Kevin Samuels would be remembered more fondly had he recorded rap songs about dealing drugs, random sex with b***hes, and killing n***as.
Had he rapped, rather than talked, Samuels wouldn’t be remembered as polarizing, controversial, and misogynistic. He would be Nipsey Hussle, a rapper and activist, or Young Dolph, a promising rapper. Hussle and Dolph were gunned down in their respective communities.
Samuels, a clothing consultant turned YouTube and Instagram star known for blunt relationship advice, died unexpectedly late last week at the age of 57. Corporate media outlets memorialized him with headlines and stories that diminished him and his accomplishments.
NewsOne, a black outlet, labeled Samuels a “Misogynistic Image Consultant.” (NewsOne eventually toned down its headline.) Multiple outlets framed Samuels as “controversial.” In its news story, the New York Times, America’s paper of record, headlined Samuels as a “Polarizing YouTube Personality.” For contrast, the Times framed Hussle, a Los Angeles gang member, as a “Rapper Activist.” Read the Times story on Hussle and you come away thinking of the gangsta rapper as a future city councilman. Meanwhile, the Times framed Samuels as Harvey Weinstein’s black alter ego.
The post-life treatment of Samuels speaks to our cultural decay. Black men involved in, celebrating, or promoting criminal and immoral behavior are treated with a level of reverence once reserved for black men who espoused the values that made Samuels popular.
No American corporate media outlet would dare frame George Floyd as a “career criminal” in a headline. There’s far more proof of Floyd’s criminality than Samuels’ misogyny. It’s considered racist to even vaguely mention Floyd’s criminal past and/or the criminal behavior that placed him beneath the knee of a police officer.
But everyone, including the New York Times, is comfortable criticizing Kevin Samuels for speaking bluntly to black women during an Instagram live broadcast.
Samuels should have been a rapper. He should have covered himself in tattoos, braided his hair, exposed the crack of his rear end, mumbled profanity, and shouted f*** the police!
Had he done that, Al Sharpton, Jesse Jackson, LeBron James, Joy Reid, and Maxine Waters would wrestle for the right to speak at his funeral; white liberal media personalities would claim him as their favorite artist; and every corporate media platform from NBC to Netflix would try to raise him from the dead to host a show. The NFL would book Tupac Samuels for its Super Bowl halftime.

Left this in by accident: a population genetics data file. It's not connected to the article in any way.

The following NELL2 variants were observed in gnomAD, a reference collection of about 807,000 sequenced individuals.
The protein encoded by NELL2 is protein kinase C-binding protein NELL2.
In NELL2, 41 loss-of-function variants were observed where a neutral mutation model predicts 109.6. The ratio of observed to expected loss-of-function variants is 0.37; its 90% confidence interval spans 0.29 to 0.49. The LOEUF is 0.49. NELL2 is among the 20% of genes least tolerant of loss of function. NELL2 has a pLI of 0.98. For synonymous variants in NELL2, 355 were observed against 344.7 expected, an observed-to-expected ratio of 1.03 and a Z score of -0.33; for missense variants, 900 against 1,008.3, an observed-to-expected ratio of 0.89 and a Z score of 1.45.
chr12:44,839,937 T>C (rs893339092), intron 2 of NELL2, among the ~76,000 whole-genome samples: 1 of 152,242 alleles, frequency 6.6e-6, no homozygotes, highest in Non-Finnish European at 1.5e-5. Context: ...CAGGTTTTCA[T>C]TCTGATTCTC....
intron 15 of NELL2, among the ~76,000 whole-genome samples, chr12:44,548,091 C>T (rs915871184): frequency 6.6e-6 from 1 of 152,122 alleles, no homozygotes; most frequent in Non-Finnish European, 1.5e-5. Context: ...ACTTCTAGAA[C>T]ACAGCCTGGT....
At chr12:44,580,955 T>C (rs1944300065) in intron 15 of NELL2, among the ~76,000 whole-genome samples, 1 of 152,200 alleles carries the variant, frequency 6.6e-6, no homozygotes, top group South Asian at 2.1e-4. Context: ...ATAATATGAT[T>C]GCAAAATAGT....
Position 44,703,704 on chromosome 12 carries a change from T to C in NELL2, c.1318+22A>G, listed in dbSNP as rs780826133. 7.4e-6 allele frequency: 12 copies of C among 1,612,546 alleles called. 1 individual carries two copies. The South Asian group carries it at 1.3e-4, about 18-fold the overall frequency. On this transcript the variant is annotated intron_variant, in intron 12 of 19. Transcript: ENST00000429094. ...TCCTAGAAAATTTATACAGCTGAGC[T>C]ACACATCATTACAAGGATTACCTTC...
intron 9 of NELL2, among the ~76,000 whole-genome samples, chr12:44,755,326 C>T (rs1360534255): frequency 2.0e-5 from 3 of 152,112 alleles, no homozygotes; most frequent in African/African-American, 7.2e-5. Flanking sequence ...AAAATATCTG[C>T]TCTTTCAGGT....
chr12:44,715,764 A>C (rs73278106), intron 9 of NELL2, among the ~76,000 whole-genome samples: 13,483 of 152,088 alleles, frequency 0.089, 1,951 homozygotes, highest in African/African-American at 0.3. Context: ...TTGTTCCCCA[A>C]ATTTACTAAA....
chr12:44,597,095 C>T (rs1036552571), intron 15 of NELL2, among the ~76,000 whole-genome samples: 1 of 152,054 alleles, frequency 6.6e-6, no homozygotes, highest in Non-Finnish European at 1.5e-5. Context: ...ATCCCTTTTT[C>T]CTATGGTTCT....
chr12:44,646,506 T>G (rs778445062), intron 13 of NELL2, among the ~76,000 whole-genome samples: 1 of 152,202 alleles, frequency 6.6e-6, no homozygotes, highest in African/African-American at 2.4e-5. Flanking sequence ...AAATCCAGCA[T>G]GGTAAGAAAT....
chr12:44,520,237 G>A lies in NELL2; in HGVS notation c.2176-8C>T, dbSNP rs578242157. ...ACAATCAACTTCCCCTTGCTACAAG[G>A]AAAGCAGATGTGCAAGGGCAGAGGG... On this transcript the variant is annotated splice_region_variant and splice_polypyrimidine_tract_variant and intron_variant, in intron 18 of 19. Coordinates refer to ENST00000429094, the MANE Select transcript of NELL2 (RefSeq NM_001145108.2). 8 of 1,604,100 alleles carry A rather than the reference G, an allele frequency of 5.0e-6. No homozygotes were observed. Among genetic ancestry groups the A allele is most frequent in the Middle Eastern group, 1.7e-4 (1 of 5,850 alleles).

America’s modern media and entertainment industry rewards wickedness, especially black wickedness. This has been true for quite some time. What is new is the open hostility toward anything that is not overtly wicked.
Samuels wasn’t overtly wicked.
He presented himself immaculately. Tailored suit. Seated at a desk. A neatly groomed skin fade the Army would approve. Calm, confident demeanor. Crisp, concise language free of profanity and devoid of animus and emotion.
Samuels seemingly emerged from a long forgotten era. He was more “Leave It to Beaver” than “Black-ish,” more Ward Cleaver than Dre Johnson.
In a little more than two years, Samuels attracted 1.4 million YouTube subscribers and 1 million IG followers by wagging a finger at black women for adopting unrealistic, toxic, and matriarchal relationship expectations. He scolded black men, too, for failing to project a mature, professional image.
Samuels was a mix of Bill Cosby, Steve Harvey, and Malcolm X, delivering blunt and humorous relationship advice to an ever-growing audience. His meteoric rise on platforms built for Millennials and the woke defied conventional wisdom and exposed market neglect.
Despite corporate and social media brainwashing, black people still prefer authentic, uncomfortable truth more than the soothing lies of the establishment left. Our desire for traditional family, traditional roles, and traditional values has miraculously survived 60 years of assault.
That’s why the assault continues unabated and must include the denigration of Kevin Samuels in death. His success was dangerous. He inspired the black “manosphere,” the collection of content creators who oppose feminism and the matriarchy.
Corporate media keeps serving us Trevor Noah, Bomani Jones, Don Lemon, and a steady stream of beta males and their co-conspirator angry feminists. We still want Cliff Huxtable, Uncle Phil, and yes, Donald Trump. We want masculine men who crave the responsibility of leadership and providership.
Kevin Samuels was the black Joe Rogan. The left despises any heterosexual black man who prefers self-sufficiency, independence, and freedom of thought. Samuels was self-made. He stood firm on the values he believed in. He ignored his critics. He didn’t lie to women for popularity. He and his worldview attracted a major audience.
His bootstraps rise proves real men are still the world’s most valuable resource. They’re more treasured than the satanic degenerates, perverts, and criminals Hollywood, the music industry, and corporate media popularize.
The filth shoved down the minds of entertainment consumers and normalized in American culture is not a reflection of market demands. It’s a reflection of a wicked agenda orchestrated by decision-makers with no regard for biblical principles or values.
Any culture that has more respect for a gangsta rapper than a talk-show host who advises obese women (and men) to realistically adjust their relationship goals is tragically lost.